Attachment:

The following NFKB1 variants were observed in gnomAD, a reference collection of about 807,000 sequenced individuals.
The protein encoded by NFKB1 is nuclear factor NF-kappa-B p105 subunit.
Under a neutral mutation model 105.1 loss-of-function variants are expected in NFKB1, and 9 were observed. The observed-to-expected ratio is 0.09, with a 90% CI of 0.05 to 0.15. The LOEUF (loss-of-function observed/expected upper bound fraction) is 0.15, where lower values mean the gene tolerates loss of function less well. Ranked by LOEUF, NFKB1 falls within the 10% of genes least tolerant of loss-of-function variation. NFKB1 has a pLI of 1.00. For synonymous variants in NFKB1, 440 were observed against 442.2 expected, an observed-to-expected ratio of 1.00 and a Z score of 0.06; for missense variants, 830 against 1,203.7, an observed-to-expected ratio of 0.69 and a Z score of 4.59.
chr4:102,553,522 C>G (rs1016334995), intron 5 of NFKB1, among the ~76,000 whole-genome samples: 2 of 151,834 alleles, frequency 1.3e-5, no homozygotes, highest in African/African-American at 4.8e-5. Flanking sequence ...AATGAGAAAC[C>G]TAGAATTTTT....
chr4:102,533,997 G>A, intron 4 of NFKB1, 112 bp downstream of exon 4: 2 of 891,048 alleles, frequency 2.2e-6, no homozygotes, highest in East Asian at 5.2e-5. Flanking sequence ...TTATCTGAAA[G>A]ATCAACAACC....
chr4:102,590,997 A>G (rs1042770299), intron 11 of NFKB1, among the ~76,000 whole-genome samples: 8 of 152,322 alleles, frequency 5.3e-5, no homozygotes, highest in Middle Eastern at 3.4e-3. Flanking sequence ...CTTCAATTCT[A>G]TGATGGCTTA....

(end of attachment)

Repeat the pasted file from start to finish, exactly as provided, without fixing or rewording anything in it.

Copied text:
The following NFKB1 variants were observed in gnomAD, a reference collection of about 807,000 sequenced individuals.
The protein encoded by NFKB1 is nuclear factor NF-kappa-B p105 subunit.
Under a neutral mutation model 105.1 loss-of-function variants are expected in NFKB1, and 9 were observed. The observed-to-expected ratio is 0.09, with a 90% CI of 0.05 to 0.15. The LOEUF (loss-of-function observed/expected upper bound fraction) is 0.15, where lower values mean the gene tolerates loss of function less well. Ranked by LOEUF, NFKB1 falls within the 10% of genes least tolerant of loss-of-function variation. NFKB1 has a pLI of 1.00. For synonymous variants in NFKB1, 440 were observed against 442.2 expected, an observed-to-expected ratio of 1.00 and a Z score of 0.06; for missense variants, 830 against 1,203.7, an observed-to-expected ratio of 0.69 and a Z score of 4.59.
chr4:102,553,522 C>G (rs1016334995), intron 5 of NFKB1, among the ~76,000 whole-genome samples: 2 of 151,834 alleles, frequency 1.3e-5, no homozygotes, highest in African/African-American at 4.8e-5. Flanking sequence ...AATGAGAAAC[C>G]TAGAATTTTT....
chr4:102,533,997 G>A, intron 4 of NFKB1, 112 bp downstream of exon 4: 2 of 891,048 alleles, frequency 2.2e-6, no homozygotes, highest in East Asian at 5.2e-5. Flanking sequence ...TTATCTGAAA[G>A]ATCAACAACC....
chr4:102,590,997 A>G (rs1042770299), intron 11 of NFKB1, among the ~76,000 whole-genome samples: 8 of 152,322 alleles, frequency 5.3e-5, no homozygotes, highest in Middle Eastern at 3.4e-3. Flanking sequence ...CTTCAATTCT[A>G]TGATGGCTTA....